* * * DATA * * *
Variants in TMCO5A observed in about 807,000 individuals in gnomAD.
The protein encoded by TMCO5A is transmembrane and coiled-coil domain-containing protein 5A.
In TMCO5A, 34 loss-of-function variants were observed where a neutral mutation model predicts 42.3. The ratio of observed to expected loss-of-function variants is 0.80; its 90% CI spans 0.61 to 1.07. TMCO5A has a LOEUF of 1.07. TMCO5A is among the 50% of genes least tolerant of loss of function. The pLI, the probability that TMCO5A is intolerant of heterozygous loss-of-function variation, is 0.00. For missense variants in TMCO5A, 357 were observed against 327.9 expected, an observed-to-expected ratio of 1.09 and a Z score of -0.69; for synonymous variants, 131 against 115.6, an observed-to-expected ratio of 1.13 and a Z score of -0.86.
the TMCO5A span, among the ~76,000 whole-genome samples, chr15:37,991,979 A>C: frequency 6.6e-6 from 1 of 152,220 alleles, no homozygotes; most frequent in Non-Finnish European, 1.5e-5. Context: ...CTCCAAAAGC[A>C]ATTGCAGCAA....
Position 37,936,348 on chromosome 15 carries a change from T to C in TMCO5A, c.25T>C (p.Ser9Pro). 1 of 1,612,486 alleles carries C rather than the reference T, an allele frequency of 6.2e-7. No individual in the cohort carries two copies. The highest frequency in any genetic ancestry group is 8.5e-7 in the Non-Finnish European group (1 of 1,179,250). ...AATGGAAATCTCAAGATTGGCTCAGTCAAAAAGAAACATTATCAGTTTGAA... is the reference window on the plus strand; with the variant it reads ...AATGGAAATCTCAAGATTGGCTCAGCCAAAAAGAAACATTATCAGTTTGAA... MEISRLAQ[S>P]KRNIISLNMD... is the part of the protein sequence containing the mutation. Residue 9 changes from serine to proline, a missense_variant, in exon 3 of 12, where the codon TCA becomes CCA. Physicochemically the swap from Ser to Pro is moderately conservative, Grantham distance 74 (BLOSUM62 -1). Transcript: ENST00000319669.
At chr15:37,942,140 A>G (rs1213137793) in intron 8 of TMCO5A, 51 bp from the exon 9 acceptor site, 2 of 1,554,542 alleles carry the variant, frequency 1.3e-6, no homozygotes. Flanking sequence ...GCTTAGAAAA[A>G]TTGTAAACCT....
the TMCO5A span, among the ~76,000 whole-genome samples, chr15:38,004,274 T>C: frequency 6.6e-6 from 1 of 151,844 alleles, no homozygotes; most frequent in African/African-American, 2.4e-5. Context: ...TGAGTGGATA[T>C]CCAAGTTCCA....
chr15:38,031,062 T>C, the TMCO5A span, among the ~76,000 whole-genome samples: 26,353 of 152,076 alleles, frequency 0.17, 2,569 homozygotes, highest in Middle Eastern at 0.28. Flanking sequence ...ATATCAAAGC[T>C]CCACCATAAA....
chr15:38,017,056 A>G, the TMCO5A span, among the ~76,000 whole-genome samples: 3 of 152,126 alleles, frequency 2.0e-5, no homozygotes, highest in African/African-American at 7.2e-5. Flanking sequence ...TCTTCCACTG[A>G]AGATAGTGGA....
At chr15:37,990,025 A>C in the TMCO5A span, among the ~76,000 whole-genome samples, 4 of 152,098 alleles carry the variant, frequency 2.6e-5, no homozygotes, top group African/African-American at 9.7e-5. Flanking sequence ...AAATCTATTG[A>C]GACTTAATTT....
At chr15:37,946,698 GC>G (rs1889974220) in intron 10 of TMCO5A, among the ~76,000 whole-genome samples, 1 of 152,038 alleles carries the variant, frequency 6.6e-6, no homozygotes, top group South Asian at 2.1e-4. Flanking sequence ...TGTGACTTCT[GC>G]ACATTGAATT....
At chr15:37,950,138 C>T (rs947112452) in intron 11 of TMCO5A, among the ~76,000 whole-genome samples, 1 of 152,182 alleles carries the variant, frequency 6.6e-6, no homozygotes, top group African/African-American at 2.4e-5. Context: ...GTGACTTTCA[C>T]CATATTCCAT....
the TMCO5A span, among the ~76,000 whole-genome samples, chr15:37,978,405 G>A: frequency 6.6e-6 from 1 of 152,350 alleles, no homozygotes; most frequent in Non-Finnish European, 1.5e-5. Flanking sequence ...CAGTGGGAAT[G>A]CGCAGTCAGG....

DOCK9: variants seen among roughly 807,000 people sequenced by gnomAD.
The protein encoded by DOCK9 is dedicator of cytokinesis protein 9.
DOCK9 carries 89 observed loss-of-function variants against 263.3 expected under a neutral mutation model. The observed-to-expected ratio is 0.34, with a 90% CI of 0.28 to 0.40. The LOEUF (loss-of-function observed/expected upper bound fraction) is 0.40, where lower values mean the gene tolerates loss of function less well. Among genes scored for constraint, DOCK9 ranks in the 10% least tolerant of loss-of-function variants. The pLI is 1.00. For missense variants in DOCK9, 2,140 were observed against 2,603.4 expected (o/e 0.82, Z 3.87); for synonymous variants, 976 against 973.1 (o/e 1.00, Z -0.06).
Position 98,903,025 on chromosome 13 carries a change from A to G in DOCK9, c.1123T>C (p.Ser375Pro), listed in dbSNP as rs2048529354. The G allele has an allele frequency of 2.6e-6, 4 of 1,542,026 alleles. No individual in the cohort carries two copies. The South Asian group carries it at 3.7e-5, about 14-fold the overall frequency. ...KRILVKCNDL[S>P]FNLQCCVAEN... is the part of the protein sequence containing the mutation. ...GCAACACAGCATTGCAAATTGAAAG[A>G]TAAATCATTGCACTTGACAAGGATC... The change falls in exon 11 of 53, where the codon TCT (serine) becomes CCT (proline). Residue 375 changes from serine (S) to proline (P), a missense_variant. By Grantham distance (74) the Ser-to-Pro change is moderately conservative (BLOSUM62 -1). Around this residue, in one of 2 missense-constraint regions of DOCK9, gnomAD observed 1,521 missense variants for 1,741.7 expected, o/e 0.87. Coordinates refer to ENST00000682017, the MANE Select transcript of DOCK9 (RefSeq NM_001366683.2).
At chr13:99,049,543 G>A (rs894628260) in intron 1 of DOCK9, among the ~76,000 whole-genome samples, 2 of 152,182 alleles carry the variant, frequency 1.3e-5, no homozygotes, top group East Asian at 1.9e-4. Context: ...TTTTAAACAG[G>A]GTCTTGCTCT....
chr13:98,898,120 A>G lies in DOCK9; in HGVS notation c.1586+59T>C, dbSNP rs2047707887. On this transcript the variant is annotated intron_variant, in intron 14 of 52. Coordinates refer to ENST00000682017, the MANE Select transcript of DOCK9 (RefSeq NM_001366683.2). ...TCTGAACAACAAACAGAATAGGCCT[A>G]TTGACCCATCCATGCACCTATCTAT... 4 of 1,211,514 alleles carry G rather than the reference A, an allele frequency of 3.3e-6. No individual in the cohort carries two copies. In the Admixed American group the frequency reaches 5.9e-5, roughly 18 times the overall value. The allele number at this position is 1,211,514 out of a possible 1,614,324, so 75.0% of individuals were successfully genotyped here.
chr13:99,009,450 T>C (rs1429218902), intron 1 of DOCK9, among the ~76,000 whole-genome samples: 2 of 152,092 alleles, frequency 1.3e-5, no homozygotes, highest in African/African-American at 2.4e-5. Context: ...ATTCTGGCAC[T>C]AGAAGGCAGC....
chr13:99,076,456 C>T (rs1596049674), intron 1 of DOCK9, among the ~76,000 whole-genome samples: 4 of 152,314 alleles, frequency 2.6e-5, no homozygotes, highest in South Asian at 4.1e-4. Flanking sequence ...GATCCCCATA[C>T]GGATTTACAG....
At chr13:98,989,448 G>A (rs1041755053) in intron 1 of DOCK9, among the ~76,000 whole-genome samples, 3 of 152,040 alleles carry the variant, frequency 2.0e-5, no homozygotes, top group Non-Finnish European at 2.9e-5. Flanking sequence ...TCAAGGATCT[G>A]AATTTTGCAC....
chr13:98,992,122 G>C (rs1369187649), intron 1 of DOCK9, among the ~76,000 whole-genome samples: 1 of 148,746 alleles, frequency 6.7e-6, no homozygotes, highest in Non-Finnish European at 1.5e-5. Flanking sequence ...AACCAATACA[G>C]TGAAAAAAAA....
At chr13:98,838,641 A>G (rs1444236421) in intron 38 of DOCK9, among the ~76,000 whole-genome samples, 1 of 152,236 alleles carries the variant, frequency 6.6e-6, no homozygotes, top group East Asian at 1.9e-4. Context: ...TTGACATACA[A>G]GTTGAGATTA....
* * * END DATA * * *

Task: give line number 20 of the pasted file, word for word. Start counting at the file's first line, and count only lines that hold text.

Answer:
chr13:99,009,450 T>C (rs1429218902), intron 1 of DOCK9, among the ~76,000 whole-genome samples: 2 of 152,092 alleles, frequency 1.3e-5, no homozygotes, highest in African/African-American at 2.4e-5. Context: ...ATTCTGGCAC[T>C]AGAAGGCAGC....